The 3D printing industry has gained traction over the years. Also known as additive manufacturing, this technology utilises raw materials like plastic, rubber, metals etc. to create functional objects. The design is fed to the printer with the help of a CAD (Computer Aided Design) software and the printer then spits out the object as a whole.
The field of 3D printing has immense potential. Its ability to print objects on demand and the scope it provides for a high level of customisation make it one of the most efficient technologies of today. Various industries have already adopted this technology to stand out from among their competitors.
3D printing is expected to grow into a $21 billion industry by 2020.
Let’s take a look at some of the 3D printing trends in the upcoming years.
3D Printing Will Empower Users
The trend of customisation has gained momentum recently with customers looking for products that suit their exact requirements. However, mass manufacturing of products restricts customisation considerably. This is where 3D printing becomes relevant.
This technology shifts the power to the customers by handing over the ability to design the products the way they want them. Customers will have a final say in how the products they invest money in looks. This will empower the customers. Therefore, 3D printing will fuel the trend of personalisation and help it scale new heights.
With the commercialisation of 3D printers, customers will be able to print the products that they need right from the comfort of their homes. In addition to that, such increased scope for customisation will reduce wastage of products significantly.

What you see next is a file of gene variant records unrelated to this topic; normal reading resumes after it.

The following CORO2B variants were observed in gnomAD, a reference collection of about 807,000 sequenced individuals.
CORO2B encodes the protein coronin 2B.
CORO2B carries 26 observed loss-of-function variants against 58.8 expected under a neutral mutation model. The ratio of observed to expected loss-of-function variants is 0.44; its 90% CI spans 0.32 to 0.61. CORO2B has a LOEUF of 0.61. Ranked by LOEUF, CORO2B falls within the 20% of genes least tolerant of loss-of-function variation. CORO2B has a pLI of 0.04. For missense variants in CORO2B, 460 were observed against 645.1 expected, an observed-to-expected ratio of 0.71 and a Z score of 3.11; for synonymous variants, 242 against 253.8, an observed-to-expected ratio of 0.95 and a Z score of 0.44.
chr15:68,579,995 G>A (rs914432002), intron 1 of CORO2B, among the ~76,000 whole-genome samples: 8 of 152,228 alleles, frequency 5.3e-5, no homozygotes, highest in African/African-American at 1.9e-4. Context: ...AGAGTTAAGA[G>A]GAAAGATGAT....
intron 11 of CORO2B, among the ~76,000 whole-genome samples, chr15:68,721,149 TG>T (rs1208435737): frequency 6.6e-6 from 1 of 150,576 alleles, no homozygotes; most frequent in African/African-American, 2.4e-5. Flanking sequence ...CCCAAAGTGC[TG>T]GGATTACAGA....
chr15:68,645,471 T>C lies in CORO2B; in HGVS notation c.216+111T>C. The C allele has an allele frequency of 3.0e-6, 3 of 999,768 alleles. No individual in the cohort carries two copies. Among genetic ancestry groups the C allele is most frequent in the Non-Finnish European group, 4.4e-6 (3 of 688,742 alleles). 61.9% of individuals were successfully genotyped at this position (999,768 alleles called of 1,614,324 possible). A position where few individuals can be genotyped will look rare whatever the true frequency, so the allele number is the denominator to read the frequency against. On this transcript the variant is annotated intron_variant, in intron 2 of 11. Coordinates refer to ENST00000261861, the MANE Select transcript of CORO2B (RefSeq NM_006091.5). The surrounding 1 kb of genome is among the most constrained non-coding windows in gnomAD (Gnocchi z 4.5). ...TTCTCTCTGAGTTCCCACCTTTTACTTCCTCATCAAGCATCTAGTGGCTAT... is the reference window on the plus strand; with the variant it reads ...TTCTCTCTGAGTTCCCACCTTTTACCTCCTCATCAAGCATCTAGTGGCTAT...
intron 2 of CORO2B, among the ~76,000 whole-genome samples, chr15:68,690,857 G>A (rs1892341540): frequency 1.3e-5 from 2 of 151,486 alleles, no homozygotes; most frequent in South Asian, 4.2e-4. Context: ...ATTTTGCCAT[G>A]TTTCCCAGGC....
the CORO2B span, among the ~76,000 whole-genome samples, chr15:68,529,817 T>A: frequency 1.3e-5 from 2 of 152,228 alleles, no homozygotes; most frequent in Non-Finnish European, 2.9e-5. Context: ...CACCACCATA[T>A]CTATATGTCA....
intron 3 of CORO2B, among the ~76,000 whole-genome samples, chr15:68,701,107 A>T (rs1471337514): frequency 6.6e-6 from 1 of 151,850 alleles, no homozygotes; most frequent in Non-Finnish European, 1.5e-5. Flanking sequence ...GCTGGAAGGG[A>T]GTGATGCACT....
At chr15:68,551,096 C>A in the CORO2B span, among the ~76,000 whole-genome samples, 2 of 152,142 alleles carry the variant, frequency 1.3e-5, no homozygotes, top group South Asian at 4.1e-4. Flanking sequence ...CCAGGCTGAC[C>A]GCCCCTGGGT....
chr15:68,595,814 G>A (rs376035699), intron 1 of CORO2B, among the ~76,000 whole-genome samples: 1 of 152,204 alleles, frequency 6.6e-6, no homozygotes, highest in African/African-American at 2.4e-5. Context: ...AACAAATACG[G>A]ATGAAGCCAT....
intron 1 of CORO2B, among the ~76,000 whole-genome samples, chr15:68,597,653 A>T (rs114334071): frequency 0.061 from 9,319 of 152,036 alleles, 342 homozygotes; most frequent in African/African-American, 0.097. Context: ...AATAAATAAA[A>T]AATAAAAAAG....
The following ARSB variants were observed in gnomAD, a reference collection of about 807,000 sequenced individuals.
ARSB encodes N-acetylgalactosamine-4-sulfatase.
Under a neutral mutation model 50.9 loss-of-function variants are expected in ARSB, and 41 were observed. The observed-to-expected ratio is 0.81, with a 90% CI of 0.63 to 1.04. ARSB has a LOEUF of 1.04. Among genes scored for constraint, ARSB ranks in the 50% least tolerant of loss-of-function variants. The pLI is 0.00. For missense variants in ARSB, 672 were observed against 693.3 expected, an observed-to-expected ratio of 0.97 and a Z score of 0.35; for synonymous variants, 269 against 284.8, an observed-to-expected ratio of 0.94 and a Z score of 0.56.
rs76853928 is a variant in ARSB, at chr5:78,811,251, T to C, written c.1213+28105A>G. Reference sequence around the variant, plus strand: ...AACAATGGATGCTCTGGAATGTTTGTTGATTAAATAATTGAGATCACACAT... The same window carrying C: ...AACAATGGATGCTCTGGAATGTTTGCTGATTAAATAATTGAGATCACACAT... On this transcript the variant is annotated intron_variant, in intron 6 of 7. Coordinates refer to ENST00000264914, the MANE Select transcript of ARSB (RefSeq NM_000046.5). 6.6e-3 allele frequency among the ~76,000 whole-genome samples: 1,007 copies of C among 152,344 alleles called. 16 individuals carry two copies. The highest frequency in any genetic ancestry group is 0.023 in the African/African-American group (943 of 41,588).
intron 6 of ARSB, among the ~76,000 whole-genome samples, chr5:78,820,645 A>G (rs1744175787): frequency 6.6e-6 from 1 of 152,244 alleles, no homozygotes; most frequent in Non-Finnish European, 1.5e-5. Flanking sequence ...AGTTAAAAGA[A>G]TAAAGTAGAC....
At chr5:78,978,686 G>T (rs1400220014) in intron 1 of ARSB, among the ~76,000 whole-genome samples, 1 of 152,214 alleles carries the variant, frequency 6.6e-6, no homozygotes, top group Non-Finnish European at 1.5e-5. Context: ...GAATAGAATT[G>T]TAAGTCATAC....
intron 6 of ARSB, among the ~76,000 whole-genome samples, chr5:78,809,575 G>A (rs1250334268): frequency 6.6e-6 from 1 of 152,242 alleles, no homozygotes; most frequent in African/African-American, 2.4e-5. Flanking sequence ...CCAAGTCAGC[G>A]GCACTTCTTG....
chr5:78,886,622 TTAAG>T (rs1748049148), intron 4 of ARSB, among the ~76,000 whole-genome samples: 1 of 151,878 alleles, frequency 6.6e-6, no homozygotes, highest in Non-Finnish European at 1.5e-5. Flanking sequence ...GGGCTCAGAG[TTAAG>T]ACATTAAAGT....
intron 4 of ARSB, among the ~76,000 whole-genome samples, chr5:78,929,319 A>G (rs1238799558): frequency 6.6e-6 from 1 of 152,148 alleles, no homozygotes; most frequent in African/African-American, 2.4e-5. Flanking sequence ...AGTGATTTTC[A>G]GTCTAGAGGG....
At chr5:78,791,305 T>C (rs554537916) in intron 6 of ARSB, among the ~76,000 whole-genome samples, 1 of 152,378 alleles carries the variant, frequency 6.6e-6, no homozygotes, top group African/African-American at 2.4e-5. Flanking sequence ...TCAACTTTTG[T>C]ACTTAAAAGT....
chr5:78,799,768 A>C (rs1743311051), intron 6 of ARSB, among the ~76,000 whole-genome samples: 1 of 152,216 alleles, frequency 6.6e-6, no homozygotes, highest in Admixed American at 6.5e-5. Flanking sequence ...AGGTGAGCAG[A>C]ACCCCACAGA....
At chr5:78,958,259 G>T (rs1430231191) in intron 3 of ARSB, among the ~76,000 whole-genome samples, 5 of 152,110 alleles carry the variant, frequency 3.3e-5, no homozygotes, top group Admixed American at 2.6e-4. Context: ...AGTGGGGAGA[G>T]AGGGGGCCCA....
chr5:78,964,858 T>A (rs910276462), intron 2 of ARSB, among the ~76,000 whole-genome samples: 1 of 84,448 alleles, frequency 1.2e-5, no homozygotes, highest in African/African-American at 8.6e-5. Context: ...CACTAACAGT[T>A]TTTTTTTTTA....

3D Printing Will Save Lives
3D printing has the potential to improve modern medicine. This technology has already created a niche for itself in the healthcare industry owing to its numerous benefits. For example, when 5-year old Mia Gonzalez was diagnosed with a congenital heart defect known as the double aortic arch, her surgeon, Dr. Redmond Burke used a 3D printed model of her heart to identify the best way to operate. This made all the difference in Mia’s successful operation.
“For a heart surgeon, I’m used to be able to hold a heart when I operate on it. But I can’t hold an MRI in my hands and feel it and create an operation,”, Dr. Burke pointed out, “The 3D-printed heart gives you a fantastic view of a very complex, three-dimensional problem. It helped me do a really good operation for her.”
Apart from medical imaging, 3D printers will be used to create body parts including skin, bones etc. 3D printed pills will also become mainstream in a few years from now.
3D Printing Will Have its App Store
With 3D printing making big waves in the customer front, its popularity is highly likely to increase with the rising demands. However, 3D printers are reliant on technology to improve their efficiency and aid in creating the products that customers design.
Customers may require certain application to fulfil their 3D modeling requirements. This where an app store dedicated to 3D printing will become relevant. While a few apps for 3D printing are already available, a plethora of new ones will be developed to aid in the process. Also, a dominant source of 3D files will also mushroom with the purpose of making 3D printing more complete.
3D Printing Your Dinner Would be Commonplace
3D food printers can print out digital recipes in minutes. The future where you can print out your dinner instead of having to cook it is no longer distant. These machines use edible ingredients like pastes, powders and liquid ingredients as raw materials to print out the final dish.
According to Hod Lipson, a mechanical engineering professor, “They will produce an infinite variety of customised fresh, nutritional foods on demand, transforming digital recipes and basic ingredients supplied in frozen cartridges into healthy dishes that can supplement our daily intake. I think this is the missing link that will bring the benefits of personalised data-driven health to our kitchen tables — it’s the ‘killer app’ of 3D printing.”
In addition to that, 3D printing will also witness a major progress in architecture. For example, 3D property will be on the rise with buildings being printed out of raw materials. With these, numerous job opportunities will open up for the millennials. 3D printing still has a long way to go before it becomes mainstream, but such a future is not distant anymore.
Information shared by Icreate3d.com